More city and state leaders are making decisions about lifting and maintaining COVID-19 restrictions


NEWYou can now listen to Fox News articles!

While some city and state leaders have decided to eliminate mask requirements and proof of COVID-19 verification, others have maintained or expanded restrictions.

Boston Mayor Michelle Wu said Friday that the city will no longer require proof of vaccinations from guests and employees of its restaurants, gyms and other indoor spaces.


The chairman cited recent health data showing that Boston has a 4% community positivity rate and a seven-day average of adult COVID-19 hospitalizations of 196 per day.

In addition, Boston has an occupancy rate of almost 91% of its adult intensive care unit beds.

She had previously said that the requirement would be lifted if the community positivity rate fell below 5%, less than 95% of ICU beds were occupied and the seven-day average COVID-19 hospitalizations fell below 200 per day .

Michelle Wu speaks to supporters after winning her Boston mayoral race to become the first woman and first person of color to be elected to office on November 2, 2021 in Boston, Massachusetts, United States.
(REUTERS/Brian Snyder)

“The public health data shows that we are ready to take this step in our recovery,” Wu said in a press release. “This news shows how much progress we have made in our fight against COVID-19 thanks to vaccines and boosters – which have always been our most effective weapon against the pandemic.”

Many other leaders are following suit, and Washington state will no longer require immunization verification or proof of a negative COVID-19 test to attend major events.

In addition, the state’s mask requirement will be lifted in most places – including schools and daycare centers – from March 21.

On Thursday, New Mexico Gov. Michelle Lujan Grisham also lifted her state’s mask mandate for indoor public spaces.

However, while some have taken steps to relax regulations — including in California, Connecticut, Oregon, Illinois and other states — others have extended mandates.


In Newark, N.J., Fox 5 reported Thursday that the mayor issued an executive order that would relax the city’s vaccination record for businesses, but would still require proof of vaccination or a negative test.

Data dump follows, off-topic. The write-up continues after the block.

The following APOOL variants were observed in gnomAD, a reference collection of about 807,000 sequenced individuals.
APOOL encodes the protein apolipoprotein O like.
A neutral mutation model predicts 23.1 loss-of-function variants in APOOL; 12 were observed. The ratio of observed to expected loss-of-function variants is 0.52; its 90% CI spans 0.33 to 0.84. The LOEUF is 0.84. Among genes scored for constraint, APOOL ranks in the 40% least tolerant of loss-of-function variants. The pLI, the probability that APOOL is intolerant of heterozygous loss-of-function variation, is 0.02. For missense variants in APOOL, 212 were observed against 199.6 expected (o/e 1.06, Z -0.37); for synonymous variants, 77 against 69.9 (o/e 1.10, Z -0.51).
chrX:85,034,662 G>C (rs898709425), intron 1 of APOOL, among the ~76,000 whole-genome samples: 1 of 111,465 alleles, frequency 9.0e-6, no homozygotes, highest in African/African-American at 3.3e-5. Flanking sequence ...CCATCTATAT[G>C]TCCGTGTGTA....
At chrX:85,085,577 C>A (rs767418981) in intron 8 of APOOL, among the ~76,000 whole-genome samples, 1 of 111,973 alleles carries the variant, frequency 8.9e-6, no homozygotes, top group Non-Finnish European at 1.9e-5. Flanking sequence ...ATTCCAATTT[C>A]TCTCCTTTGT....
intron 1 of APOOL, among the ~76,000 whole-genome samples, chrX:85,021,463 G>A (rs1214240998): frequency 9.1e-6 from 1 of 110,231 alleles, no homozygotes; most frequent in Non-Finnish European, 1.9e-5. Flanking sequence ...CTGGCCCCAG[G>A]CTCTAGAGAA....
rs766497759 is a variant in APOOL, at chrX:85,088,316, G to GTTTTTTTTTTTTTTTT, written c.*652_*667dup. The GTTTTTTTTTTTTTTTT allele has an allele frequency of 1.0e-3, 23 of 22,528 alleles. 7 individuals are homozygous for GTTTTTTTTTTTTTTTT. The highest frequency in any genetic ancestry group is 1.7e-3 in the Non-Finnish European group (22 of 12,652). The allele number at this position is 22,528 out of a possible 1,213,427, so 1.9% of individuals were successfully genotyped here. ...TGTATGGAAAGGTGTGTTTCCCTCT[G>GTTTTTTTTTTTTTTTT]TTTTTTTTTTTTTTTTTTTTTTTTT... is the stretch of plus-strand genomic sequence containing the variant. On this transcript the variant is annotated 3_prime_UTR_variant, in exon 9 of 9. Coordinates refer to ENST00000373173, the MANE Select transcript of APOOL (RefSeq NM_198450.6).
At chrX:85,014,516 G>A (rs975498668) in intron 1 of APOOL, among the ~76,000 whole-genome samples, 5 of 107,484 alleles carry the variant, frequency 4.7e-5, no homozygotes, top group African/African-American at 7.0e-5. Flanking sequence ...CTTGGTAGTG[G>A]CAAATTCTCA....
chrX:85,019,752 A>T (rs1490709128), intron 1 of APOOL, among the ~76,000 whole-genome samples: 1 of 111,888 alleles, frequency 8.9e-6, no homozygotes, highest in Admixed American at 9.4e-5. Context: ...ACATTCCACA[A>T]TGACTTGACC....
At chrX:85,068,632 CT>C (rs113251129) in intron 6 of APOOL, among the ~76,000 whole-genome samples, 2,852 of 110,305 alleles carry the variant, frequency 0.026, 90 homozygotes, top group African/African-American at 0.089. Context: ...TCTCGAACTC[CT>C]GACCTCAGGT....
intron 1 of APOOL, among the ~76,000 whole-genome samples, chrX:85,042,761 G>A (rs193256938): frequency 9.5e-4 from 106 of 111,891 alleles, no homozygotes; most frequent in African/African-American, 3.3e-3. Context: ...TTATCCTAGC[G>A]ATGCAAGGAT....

In addition, Mayor Ras Baraka extended the mask requirement for all indoor public facilities until at least February 28.

In the South, the Navajo Nation — which stretches into New Mexico, Utah and Arizona — maintains a mask mandate, and President Jonathan Nez said the tribe must do whatever it takes to help those treating those affected.

“Please be very careful, encourage your elders to take precautions and keep praying,” he said in a statement Friday.

A statewide mandate for corporate face masks has expired in New York, where the Omicron variant began infecting large numbers in December.

On Friday, state health officials said they would not be enforcing their mandate requiring healthcare workers to receive COVID-19 boosters amid concerns about staff shortages.

“While we are making progress with 75% of staff having received their refresher or are ready to make progress, the reality is that not enough medical staff will be augmented through next week’s demands to address significant staffing issues in our to avoid an already overburdened health care system,” State Health Commissioner Mary Bassett said in a statement.


New York already requires healthcare workers to be vaccinated, with exceptions for workers who do not qualify for the vaccination for medical reasons.

Bassett said officials would review the booster mandate in three months, and California, Connecticut and New Mexico have announced plans to require boosters for healthcare workers.

The Associated Press contributed to this report.


Comments are closed.